- What is post-polio syndrome?
- What are the symptoms of post-polio syndrome?
- What causes post-polio syndrome?
- How is post-polio syndrome diagnosed?
- How is post-polio syndrome treated?
- What is the role of exercise in the treatment of post-polio syndrome?
- Can post-polio syndrome be prevented?
- What research is being conducted on post-polio syndrome?
- Where can I get more information?
- Patient Comments: Post-Polio Syndrome - Symptoms
- Patient Comments: Post-Polio Syndrome - Exercise
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What is post-polio syndrome?
Post-polio syndrome (PPS) is a condition that affects polio survivors years after recovery from an initial acute attack of the poliomyelitis virus. Post-polio syndrome is mainly characterized by new weakening in muscles that were previously affected by the polio infection and in muscles that seemingly were unaffected.
What are the symptoms of post-polio syndrome?
Symptoms include slowly progressive muscle weakness, unaccustomed fatigue (both generalized and muscular), and, at times, muscle atrophy. Pain from joint degeneration and increasing skeletal deformities such as scoliosis are common. Some patients experience only minor symptoms. While less common, others may develop visible muscle atrophy, or wasting.
Post-polio syndrome is rarely life-threatening. However, untreated respiratory muscle weakness can result in underventilation, and weakness in swallowing muscles can result in aspiration pneumonia.
The severity of residual weakness and disability after acute poliomyelitis tends to predict the development of post-polio syndrome. Patients who had minimal symptoms from the original illness will most likely experience only mild post-polio syndrome symptoms. People originally hit hard by the poliovirus and who attained a greater recovery may develop a more severe case of post-polio syndrome with a greater loss of muscle function and more severe fatigue. It should be noted that many polio survivors were too young to remember the severity of their original illness and that accurate memory fades over time.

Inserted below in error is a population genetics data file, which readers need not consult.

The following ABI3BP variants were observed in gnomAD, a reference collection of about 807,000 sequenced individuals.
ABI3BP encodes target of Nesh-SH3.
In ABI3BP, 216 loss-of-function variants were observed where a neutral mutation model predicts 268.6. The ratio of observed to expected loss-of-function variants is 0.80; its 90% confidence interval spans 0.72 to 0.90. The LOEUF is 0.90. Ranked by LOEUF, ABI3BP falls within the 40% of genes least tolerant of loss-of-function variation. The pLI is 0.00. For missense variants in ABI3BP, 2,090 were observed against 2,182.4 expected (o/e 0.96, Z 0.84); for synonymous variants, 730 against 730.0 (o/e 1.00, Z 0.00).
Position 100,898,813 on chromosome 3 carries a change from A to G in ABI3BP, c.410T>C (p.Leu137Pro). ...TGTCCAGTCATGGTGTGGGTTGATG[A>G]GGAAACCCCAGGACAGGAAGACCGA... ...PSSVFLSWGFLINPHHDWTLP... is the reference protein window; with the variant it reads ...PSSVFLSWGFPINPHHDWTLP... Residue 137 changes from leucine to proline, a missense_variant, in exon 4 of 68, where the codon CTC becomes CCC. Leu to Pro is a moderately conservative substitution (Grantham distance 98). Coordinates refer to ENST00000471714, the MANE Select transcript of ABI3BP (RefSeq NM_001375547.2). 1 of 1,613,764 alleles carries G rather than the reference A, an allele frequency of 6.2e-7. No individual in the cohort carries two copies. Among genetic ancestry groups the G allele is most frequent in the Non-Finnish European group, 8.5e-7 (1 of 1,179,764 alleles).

According to estimates by the National Center for Health Statistics, more than 440,000 polio survivors in the United States may be at risk for post-polio syndrome. Researchers are unable to establish a firm prevalence rate, but they estimate that the condition affects 25 percent to 50 percent of these survivors, or possibly as many as 60 percent, depending on how the disorder is defined and which study is quoted.
Patients diagnosed with post-polio syndrome sometimes are concerned that they are having polio again and are contagious to others. Studies have shown that this does not happen.
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